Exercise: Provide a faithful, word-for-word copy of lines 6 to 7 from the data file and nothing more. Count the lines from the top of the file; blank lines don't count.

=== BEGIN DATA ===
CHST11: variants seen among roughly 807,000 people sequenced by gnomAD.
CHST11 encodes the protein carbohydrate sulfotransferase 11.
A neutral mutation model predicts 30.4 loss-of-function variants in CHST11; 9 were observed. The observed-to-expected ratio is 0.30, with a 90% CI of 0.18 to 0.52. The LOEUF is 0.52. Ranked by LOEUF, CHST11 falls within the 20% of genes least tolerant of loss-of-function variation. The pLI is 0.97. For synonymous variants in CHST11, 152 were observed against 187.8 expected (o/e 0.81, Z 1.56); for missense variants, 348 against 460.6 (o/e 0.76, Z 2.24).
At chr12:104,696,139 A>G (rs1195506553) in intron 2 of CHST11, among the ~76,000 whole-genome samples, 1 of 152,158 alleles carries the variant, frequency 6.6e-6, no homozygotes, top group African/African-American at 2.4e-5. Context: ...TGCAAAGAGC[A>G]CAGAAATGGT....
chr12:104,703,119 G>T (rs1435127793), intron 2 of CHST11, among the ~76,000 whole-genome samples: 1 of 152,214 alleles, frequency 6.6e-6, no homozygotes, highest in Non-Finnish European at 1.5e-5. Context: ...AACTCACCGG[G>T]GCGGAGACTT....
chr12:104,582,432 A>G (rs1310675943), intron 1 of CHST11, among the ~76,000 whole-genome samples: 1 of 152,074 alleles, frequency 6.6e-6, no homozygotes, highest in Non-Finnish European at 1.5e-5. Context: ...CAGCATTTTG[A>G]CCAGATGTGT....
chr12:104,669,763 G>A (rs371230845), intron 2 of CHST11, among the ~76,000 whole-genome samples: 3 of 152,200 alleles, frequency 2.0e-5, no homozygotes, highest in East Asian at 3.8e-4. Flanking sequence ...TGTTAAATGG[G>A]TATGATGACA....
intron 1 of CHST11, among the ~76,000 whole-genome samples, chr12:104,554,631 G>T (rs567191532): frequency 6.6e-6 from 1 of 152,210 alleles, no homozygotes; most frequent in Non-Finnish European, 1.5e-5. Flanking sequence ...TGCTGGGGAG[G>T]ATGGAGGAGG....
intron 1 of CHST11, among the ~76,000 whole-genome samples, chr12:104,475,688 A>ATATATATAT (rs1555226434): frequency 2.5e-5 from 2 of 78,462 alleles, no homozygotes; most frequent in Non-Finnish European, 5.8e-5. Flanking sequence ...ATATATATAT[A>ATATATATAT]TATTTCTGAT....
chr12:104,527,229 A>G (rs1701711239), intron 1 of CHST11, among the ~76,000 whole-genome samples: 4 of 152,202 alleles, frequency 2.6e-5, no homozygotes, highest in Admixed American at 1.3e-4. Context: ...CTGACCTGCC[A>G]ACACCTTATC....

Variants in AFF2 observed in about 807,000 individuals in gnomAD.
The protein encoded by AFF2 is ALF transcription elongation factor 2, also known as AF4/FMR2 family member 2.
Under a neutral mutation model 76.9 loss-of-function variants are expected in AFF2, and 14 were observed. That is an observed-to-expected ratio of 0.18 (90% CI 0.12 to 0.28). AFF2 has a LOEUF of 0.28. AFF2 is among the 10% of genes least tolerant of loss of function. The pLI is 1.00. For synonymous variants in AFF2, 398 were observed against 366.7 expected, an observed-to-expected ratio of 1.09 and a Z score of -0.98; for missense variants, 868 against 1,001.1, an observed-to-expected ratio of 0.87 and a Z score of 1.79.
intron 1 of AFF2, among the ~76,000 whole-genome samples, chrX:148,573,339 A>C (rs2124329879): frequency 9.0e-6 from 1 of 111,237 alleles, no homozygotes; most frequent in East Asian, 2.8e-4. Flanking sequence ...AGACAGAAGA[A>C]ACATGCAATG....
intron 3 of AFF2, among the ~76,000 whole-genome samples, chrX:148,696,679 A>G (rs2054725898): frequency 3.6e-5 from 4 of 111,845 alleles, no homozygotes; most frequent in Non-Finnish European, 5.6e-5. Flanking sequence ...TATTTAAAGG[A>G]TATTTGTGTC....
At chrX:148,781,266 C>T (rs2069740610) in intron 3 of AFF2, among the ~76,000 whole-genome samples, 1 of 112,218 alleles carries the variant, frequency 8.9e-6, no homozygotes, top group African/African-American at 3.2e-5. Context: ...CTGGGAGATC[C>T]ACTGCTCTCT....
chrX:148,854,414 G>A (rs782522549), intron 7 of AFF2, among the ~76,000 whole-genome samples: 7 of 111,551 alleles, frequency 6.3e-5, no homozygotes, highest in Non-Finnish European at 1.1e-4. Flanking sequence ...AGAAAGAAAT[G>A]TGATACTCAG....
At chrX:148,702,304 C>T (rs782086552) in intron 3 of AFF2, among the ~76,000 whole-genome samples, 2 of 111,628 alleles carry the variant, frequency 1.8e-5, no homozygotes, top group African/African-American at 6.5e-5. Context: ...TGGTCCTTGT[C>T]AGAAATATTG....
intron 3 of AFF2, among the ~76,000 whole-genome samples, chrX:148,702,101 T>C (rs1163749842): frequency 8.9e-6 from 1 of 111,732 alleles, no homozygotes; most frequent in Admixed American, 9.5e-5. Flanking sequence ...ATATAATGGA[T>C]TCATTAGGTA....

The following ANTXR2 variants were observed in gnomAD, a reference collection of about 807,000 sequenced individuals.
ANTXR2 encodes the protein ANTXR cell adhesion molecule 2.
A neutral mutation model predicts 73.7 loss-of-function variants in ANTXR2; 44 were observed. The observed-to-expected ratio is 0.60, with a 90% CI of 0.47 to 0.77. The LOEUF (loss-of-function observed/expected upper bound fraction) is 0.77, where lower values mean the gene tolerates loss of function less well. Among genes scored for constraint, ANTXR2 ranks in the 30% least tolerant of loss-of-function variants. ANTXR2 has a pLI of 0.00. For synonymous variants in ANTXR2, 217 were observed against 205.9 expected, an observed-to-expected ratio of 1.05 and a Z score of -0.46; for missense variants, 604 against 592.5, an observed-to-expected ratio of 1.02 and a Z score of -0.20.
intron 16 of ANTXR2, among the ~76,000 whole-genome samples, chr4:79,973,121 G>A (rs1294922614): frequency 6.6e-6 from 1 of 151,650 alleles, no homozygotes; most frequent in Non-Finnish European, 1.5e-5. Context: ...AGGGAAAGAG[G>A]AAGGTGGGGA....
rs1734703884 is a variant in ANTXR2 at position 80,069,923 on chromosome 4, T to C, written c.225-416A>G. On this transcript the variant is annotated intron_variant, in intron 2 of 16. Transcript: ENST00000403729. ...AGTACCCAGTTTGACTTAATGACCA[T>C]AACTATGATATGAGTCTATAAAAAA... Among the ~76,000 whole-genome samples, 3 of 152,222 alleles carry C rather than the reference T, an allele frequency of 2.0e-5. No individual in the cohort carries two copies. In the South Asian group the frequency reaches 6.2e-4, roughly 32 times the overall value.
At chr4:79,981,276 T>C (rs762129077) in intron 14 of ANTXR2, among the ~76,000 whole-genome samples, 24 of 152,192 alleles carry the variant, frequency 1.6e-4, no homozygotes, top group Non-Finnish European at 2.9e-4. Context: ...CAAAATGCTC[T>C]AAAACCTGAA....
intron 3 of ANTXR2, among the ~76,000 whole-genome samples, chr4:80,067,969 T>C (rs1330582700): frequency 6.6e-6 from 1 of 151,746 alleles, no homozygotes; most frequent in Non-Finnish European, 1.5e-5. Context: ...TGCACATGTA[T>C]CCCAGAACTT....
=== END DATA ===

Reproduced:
chr12:104,582,432 A>G (rs1310675943), intron 1 of CHST11, among the ~76,000 whole-genome samples: 1 of 152,074 alleles, frequency 6.6e-6, no homozygotes, highest in Non-Finnish European at 1.5e-5. Context: ...CAGCATTTTG[A>G]CCAGATGTGT....
chr12:104,669,763 G>A (rs371230845), intron 2 of CHST11, among the ~76,000 whole-genome samples: 3 of 152,200 alleles, frequency 2.0e-5, no homozygotes, highest in East Asian at 3.8e-4. Flanking sequence ...TGTTAAATGG[G>A]TATGATGACA....